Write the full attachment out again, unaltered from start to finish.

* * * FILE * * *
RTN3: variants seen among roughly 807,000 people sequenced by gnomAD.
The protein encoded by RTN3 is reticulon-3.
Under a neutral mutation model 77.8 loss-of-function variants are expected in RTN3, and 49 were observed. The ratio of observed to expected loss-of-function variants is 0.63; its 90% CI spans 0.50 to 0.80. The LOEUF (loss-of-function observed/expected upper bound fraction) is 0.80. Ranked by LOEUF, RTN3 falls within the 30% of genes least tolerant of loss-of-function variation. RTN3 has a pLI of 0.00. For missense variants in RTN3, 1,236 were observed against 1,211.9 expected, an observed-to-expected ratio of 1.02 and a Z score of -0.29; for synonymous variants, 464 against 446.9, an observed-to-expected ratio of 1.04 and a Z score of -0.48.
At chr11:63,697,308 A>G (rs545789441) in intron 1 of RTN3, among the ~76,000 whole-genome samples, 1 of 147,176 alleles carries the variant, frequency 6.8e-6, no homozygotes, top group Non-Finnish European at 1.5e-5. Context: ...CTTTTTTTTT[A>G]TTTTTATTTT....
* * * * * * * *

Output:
RTN3: variants seen among roughly 807,000 people sequenced by gnomAD.
The protein encoded by RTN3 is reticulon-3.
Under a neutral mutation model 77.8 loss-of-function variants are expected in RTN3, and 49 were observed. The ratio of observed to expected loss-of-function variants is 0.63; its 90% CI spans 0.50 to 0.80. The LOEUF (loss-of-function observed/expected upper bound fraction) is 0.80. Ranked by LOEUF, RTN3 falls within the 30% of genes least tolerant of loss-of-function variation. RTN3 has a pLI of 0.00. For missense variants in RTN3, 1,236 were observed against 1,211.9 expected, an observed-to-expected ratio of 1.02 and a Z score of -0.29; for synonymous variants, 464 against 446.9, an observed-to-expected ratio of 1.04 and a Z score of -0.48.
At chr11:63,697,308 A>G (rs545789441) in intron 1 of RTN3, among the ~76,000 whole-genome samples, 1 of 147,176 alleles carries the variant, frequency 6.8e-6, no homozygotes, top group Non-Finnish European at 1.5e-5. Context: ...CTTTTTTTTT[A>G]TTTTTATTTT....